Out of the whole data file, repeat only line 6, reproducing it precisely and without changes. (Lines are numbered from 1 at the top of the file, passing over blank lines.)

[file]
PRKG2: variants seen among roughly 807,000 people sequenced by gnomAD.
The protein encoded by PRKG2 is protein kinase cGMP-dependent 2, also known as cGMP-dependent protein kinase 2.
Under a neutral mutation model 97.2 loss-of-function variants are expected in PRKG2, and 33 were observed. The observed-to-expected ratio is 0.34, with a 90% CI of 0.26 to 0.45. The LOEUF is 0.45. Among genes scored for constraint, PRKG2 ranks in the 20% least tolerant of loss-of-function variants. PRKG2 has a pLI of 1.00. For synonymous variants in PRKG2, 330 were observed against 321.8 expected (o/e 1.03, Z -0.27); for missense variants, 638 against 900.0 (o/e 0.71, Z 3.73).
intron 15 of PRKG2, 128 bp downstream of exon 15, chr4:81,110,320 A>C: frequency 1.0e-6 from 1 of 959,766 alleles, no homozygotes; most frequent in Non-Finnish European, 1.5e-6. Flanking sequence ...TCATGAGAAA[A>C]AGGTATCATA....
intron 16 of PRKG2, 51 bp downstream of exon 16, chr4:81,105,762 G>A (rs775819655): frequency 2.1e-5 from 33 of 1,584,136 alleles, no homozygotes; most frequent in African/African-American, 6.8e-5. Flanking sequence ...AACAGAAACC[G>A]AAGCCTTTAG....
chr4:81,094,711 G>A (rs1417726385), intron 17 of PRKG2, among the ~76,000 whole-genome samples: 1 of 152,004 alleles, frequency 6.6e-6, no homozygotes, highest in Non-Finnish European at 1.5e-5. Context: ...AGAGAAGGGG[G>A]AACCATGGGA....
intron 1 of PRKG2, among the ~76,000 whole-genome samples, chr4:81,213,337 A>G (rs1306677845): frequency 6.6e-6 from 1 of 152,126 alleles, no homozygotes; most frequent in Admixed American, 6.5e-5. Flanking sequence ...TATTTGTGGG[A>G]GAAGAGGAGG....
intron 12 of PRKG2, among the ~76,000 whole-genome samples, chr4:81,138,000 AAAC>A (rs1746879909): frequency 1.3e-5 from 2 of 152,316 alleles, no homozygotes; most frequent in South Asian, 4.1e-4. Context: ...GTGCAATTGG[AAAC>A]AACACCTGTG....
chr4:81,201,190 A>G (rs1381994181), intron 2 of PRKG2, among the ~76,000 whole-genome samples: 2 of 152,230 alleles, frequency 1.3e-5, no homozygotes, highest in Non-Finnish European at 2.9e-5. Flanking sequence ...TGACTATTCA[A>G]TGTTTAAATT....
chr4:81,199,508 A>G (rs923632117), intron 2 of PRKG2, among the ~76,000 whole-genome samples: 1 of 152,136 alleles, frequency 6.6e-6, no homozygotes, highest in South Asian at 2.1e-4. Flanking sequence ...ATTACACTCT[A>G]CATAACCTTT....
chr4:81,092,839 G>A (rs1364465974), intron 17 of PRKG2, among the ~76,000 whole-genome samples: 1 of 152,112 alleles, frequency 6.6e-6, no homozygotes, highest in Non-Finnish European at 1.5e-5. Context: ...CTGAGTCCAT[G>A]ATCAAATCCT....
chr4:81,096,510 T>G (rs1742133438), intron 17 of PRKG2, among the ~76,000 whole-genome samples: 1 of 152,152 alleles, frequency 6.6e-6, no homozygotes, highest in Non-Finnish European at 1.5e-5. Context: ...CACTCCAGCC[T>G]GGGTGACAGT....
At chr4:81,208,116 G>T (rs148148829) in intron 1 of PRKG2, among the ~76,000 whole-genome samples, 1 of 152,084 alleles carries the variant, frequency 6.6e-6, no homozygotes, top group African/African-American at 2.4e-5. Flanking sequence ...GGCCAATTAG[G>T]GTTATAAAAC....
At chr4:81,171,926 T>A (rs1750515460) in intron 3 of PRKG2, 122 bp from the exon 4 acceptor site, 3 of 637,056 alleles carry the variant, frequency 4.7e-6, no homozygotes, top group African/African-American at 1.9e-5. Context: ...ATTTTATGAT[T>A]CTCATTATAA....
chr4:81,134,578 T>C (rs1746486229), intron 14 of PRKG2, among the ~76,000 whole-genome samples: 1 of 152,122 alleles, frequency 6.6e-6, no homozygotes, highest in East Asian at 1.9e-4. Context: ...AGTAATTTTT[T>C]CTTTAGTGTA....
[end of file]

chr4:81,094,711 G>A (rs1417726385), intron 17 of PRKG2, among the ~76,000 whole-genome samples: 1 of 152,004 alleles, frequency 6.6e-6, no homozygotes, highest in Non-Finnish European at 1.5e-5. Context: ...AGAGAAGGGG[G>A]AACCATGGGA....